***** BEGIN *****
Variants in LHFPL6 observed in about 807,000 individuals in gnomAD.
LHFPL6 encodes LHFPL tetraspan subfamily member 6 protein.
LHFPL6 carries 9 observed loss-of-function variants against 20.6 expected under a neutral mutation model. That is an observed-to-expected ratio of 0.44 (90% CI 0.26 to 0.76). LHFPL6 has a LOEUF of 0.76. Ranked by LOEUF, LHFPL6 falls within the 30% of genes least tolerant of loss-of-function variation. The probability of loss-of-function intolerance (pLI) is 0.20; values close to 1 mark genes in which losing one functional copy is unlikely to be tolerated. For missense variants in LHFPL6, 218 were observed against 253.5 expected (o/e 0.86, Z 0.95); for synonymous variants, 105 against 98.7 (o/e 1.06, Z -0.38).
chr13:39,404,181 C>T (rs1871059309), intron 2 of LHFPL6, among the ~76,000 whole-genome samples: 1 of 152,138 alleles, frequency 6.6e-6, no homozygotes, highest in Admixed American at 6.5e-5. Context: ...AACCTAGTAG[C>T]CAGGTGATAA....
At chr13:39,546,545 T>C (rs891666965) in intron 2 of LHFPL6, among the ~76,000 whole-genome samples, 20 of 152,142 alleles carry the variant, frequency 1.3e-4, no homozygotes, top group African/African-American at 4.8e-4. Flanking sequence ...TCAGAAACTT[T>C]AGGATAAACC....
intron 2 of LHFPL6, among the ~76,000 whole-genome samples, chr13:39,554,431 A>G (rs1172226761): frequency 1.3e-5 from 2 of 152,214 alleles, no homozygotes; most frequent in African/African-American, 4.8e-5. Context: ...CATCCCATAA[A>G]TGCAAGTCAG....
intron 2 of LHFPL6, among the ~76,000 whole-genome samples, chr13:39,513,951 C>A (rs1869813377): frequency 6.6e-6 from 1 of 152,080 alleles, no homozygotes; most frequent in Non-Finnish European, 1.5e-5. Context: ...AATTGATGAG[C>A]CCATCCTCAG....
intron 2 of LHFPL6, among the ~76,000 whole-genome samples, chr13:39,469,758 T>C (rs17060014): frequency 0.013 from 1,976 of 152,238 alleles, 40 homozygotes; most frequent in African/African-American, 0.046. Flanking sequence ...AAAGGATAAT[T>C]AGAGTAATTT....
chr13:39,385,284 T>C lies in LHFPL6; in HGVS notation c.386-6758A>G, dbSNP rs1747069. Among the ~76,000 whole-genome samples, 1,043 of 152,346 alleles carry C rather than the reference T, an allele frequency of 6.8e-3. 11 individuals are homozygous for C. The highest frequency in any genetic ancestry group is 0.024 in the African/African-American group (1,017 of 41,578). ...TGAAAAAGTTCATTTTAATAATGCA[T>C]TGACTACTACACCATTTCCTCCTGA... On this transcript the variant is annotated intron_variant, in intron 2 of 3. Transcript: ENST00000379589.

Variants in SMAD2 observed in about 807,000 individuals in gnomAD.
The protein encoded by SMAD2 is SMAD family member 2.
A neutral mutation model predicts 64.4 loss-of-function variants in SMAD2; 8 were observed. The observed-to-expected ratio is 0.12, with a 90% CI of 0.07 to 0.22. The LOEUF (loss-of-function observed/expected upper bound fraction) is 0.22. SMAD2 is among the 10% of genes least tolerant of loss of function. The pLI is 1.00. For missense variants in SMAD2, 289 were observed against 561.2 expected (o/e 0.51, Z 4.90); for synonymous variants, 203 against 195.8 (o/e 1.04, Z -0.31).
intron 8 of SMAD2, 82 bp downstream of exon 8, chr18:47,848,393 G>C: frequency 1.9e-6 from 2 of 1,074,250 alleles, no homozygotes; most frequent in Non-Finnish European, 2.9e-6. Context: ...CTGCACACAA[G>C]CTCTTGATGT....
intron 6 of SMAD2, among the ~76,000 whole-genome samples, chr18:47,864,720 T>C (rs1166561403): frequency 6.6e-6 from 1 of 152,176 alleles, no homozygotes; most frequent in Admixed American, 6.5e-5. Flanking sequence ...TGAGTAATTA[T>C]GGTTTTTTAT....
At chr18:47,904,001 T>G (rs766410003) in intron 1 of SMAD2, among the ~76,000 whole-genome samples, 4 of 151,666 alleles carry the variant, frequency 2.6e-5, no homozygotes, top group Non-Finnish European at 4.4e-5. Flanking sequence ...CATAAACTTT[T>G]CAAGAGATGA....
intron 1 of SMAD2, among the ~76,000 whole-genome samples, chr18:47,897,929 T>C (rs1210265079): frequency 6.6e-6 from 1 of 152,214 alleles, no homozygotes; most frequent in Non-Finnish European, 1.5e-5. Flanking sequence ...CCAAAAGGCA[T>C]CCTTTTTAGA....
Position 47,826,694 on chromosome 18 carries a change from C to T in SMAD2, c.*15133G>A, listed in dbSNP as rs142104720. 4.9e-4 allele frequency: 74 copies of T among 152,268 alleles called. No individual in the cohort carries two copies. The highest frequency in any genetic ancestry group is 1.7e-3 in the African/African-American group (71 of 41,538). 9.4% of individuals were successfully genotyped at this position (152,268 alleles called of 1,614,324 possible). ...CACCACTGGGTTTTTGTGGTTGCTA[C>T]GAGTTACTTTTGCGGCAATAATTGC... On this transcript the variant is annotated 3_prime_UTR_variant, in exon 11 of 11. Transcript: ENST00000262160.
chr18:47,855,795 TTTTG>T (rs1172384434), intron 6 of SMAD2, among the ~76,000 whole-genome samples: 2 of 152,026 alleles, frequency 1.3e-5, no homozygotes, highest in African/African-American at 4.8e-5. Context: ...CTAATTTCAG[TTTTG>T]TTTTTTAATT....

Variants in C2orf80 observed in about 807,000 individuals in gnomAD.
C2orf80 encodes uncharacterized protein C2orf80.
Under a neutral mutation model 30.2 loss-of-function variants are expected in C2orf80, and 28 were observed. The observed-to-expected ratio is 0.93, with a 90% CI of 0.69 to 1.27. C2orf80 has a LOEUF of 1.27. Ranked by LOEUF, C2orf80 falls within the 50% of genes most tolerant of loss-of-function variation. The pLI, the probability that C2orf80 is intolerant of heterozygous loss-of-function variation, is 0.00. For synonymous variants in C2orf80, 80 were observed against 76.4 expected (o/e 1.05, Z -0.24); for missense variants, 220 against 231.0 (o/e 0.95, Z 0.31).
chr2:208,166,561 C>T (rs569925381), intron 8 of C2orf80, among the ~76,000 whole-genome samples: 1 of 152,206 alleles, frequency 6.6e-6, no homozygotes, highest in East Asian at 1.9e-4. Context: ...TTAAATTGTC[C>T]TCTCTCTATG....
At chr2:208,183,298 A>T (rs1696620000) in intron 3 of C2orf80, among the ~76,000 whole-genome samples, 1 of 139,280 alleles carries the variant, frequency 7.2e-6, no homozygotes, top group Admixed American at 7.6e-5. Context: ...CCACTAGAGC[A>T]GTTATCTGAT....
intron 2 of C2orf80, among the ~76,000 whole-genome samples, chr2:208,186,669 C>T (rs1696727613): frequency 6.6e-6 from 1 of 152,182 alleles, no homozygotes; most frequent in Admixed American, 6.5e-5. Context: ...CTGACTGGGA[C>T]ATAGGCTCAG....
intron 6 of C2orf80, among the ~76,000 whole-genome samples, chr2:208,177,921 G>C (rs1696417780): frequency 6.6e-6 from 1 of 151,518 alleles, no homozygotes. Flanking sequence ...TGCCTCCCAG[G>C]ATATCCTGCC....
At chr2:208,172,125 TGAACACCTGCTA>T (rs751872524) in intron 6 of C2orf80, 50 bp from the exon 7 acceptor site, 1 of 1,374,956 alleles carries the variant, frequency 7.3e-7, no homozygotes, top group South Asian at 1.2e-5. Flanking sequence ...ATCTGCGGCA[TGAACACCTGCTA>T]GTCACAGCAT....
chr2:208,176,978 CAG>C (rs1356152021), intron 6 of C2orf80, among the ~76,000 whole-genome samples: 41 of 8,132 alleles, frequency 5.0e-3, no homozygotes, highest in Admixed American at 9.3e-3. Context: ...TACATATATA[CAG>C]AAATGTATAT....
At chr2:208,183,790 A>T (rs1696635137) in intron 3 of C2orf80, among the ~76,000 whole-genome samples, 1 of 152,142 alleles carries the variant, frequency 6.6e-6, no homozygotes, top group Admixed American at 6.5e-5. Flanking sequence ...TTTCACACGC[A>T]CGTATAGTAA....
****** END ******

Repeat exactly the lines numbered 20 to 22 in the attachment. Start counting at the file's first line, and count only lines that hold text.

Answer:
C2orf80 encodes uncharacterized protein C2orf80.
Under a neutral mutation model 30.2 loss-of-function variants are expected in C2orf80, and 28 were observed. The observed-to-expected ratio is 0.93, with a 90% CI of 0.69 to 1.27. C2orf80 has a LOEUF of 1.27. Ranked by LOEUF, C2orf80 falls within the 50% of genes most tolerant of loss-of-function variation. The pLI, the probability that C2orf80 is intolerant of heterozygous loss-of-function variation, is 0.00. For synonymous variants in C2orf80, 80 were observed against 76.4 expected (o/e 1.05, Z -0.24); for missense variants, 220 against 231.0 (o/e 0.95, Z 0.31).
chr2:208,166,561 C>T (rs569925381), intron 8 of C2orf80, among the ~76,000 whole-genome samples: 1 of 152,206 alleles, frequency 6.6e-6, no homozygotes, highest in East Asian at 1.9e-4. Context: ...TTAAATTGTC[C>T]TCTCTCTATG....